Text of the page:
Now back to the more-complex situation. Figure 2 (situation 2) shows a sample with the thickness d, permittivity ε, and resistivity ρ, resting on a grounded plane, like that shown in Figure 1. But in this case another grounded plane is placed parallel to the sample at a distance x. Let us assume that the sample is Plexiglas, and that the space above the sample is vacuum (or air) with ε = εo and ρ ≈ ∞. The field (flux) from the charge is now shared between the Plexiglas and the air in such a way that the surface potential of a point on the charged surface is the same whether it’s calculated as the field strength in air multiplied by x or as the field strength in the dielectric multiplied by d. Thus the charge is expected to decay exponentially again, but now with a time constant τ given by
Figure 2: Bulk decay of charge, situation 2.
For instance if we choose d = 0.01 m and x = 0.003 m (εr = 3.4, the relative permittivity of Plexiglas), we find that τ = 594 seconds. In other words, it takes about twice as long for the charge to decay, even from the same sample of material, simply because of the proximity of another grounded conductor.
The example shown in Figure 2 is a very simplified case, and often it will not be possible to predict the relevant value of the time constant for a given sample in a given geometrical environment.
Surface Resistivity. Special cases are the ones in which neutralization takes place in a shallow layer on the surface of the material. This could be a material treated with an antistatic agent or an insulative substrate onto which a conductive layer is evaporated. If such a layer is highly conductive as compared with the contacting materials, the neutralizing current will run only in this layer. However, part of the flux from the charge will run in the adjoining layers, and the “driving field,” that is, the field in the conductive layer, will depend upon the permittive properties of the adjoining insulators. Thus the rate of decay (and the time constant) will depend not only on the properties of the region where the decay takes place, but also on properties outside the region of decay. This is, in principle, the same problem shown in Figure 2. Usually the processes in thin layers are characterized by defining a surface resistivity ρs (in a way similar to the definition of bulk resistivity) by the equation
Es = ρsjs (9)
This version of Ohm’s law states that a field Es along a surface with the surface resistivity ρs will cause a current with the linear current density js (current per unit length, A • m1) in the layer given by equation (9).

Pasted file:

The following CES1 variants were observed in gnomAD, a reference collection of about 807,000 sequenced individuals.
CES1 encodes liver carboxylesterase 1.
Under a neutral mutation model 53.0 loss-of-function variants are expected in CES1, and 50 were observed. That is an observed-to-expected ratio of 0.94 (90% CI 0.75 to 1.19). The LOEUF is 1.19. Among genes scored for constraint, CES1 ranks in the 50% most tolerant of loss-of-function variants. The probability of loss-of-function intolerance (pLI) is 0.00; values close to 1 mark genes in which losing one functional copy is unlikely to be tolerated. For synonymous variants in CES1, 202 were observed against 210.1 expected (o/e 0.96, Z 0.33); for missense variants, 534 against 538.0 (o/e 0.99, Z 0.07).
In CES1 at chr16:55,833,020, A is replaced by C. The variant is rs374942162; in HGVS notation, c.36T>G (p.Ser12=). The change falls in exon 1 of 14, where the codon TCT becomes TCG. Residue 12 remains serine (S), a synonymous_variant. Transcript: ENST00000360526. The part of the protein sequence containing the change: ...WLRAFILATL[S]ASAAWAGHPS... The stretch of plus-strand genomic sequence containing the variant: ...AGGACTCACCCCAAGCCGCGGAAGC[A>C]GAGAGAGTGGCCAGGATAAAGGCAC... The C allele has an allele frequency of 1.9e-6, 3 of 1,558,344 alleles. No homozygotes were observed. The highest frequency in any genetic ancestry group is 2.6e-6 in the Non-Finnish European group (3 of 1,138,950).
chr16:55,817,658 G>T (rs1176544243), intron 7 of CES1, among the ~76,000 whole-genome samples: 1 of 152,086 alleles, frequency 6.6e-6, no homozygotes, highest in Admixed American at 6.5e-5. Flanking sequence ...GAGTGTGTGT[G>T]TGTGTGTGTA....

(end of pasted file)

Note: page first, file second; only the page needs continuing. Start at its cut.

Although in the matter of bulk resistivity it is possible in certain simplified cases (Figures 1 and 2) to derive a connection between the resistivity and the rate at which a charge is being neutralized, it is not nearly as simple in the matter of surface resistivity.
Figure 3 (situation 1) shows a piece of material A. At one end of A is a spot of negative charge and, at the other end, a grounded electrode B in direct contact with A. Between B and A is a field. Only that fraction of the flux that runs through the conductive layer will cause a current to neutralize the charge. There is no doubt that if the charge is, say, doubled, then the field strength will be doubled in every point, but the field distribution will be the same. And if the surface resistivity is doubled, the decay rate will be halved. With this geometry, it seems likely that we will have a time constant proportional to the surface resistivity. But, in contrast to simple situation 1 for bulk decay (Figure 1), we cannot theoretically predict–even if we measure the surface resistivity and know the permittivity of the conductive layer–the time constant for surface decay. This is because we don’t know how the flux is distributed between the conductive layer and the environment.
Figure 3: Surface decay of charge, situation 1.
Figure 4 (situation 2) shows a state similar to situation 2 for bulk decay (see Figure 2). Another grounded conductor C is in the neighborhood of the charged sample, but not in direct contact with it, so no neutralizing current will flow to C. And since the flux to B is now lower, so is the neutralizing current, and the time constant will have increased, even if the sample, the charge, and the grounding electrode arrangement is the same.
Figure 4: Surface decay of charge, situation 2.
This discussion has tacitly assumed that there is only one value for the resistivity (be it bulk or surface) independent of the field applied. Yet it is often found that the resistivity increases with decreasing field strength. Nevertheless, resistivities are usually determined at only one field strength (one voltage difference between a set of electrodes on the sample), and we have no way of knowing if this particular field strength is typical for the physical conditions during a decay process.
Measurement of Decay Time
The previous considerations illustrate that only under very ideal conditions is it possible to calculate reasonably accurately from material parameters (resistivity and permittivity) how fast a charge on an insulator will decay. This is because of two main reasons:
The resistivity depends on the field strength from the decaying charge (and we rarely know this relationship), and even more importantly,